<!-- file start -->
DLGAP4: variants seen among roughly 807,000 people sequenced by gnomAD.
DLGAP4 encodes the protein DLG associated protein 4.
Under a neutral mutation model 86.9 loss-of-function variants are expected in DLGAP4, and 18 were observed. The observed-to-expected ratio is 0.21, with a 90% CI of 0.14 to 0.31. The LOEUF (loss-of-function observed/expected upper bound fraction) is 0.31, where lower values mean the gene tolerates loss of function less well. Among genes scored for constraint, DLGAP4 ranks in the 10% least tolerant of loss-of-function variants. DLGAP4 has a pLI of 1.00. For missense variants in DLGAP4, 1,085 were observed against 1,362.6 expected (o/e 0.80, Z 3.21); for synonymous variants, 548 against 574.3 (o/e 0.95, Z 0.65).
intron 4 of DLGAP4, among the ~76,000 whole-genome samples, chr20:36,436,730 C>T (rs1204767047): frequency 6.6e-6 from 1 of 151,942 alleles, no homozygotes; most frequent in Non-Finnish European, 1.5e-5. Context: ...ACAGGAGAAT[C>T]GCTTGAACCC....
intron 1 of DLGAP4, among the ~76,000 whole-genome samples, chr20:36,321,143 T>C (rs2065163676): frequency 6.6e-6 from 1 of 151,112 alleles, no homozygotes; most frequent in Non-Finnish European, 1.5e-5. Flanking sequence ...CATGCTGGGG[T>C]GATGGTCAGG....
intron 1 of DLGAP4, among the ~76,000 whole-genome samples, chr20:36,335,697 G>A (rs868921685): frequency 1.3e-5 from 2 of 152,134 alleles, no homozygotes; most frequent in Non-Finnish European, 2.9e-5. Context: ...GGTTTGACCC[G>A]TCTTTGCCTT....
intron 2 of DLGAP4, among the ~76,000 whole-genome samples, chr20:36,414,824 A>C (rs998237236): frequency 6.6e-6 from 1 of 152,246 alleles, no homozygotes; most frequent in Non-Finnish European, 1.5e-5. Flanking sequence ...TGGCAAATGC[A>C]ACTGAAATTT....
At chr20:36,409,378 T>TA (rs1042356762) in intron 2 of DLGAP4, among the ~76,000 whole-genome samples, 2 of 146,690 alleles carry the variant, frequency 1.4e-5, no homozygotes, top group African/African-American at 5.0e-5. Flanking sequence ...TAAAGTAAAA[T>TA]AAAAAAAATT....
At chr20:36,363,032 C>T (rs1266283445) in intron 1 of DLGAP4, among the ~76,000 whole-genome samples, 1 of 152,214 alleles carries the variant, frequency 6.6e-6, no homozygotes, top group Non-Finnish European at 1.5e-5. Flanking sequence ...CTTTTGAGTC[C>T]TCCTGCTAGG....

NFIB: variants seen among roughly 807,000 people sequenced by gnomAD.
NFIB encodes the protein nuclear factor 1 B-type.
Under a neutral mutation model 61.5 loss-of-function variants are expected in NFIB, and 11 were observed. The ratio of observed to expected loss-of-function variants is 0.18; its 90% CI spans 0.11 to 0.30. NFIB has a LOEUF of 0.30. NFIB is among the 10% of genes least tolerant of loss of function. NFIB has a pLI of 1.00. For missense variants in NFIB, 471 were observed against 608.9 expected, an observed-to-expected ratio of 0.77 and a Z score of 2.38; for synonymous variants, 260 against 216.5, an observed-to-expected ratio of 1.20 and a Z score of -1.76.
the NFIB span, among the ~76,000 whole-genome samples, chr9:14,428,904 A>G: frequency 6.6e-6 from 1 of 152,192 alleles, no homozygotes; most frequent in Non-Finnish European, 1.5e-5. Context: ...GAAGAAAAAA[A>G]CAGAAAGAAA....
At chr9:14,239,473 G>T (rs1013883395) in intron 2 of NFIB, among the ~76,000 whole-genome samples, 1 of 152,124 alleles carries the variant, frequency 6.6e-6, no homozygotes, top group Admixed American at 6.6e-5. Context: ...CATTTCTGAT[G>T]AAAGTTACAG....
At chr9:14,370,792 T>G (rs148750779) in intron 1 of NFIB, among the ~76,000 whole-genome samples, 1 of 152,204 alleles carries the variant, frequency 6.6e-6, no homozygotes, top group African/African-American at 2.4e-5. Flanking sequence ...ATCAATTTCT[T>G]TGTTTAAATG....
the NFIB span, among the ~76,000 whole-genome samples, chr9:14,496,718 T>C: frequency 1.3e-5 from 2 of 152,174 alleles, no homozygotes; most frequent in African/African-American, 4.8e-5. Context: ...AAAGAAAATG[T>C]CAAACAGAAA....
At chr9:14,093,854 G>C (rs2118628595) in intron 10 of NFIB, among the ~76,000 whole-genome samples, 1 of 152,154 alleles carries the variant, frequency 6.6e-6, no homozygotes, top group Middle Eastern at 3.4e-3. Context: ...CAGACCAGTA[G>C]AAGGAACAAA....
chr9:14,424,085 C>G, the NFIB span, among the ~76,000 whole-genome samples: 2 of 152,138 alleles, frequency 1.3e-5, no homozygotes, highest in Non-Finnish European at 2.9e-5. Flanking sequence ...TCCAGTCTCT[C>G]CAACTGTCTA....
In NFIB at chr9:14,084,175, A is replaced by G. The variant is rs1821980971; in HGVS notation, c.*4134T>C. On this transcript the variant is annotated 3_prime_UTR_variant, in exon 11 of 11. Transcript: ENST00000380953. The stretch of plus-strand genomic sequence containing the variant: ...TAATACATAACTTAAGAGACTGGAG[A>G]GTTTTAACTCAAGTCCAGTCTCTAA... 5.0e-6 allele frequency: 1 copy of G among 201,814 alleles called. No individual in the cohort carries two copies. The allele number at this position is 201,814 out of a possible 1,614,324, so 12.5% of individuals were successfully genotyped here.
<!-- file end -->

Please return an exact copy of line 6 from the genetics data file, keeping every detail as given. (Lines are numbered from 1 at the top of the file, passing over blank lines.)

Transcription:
intron 1 of DLGAP4, among the ~76,000 whole-genome samples, chr20:36,335,697 G>A (rs868921685): frequency 1.3e-5 from 2 of 152,134 alleles, no homozygotes; most frequent in Non-Finnish European, 2.9e-5. Context: ...GGTTTGACCC[G>A]TCTTTGCCTT....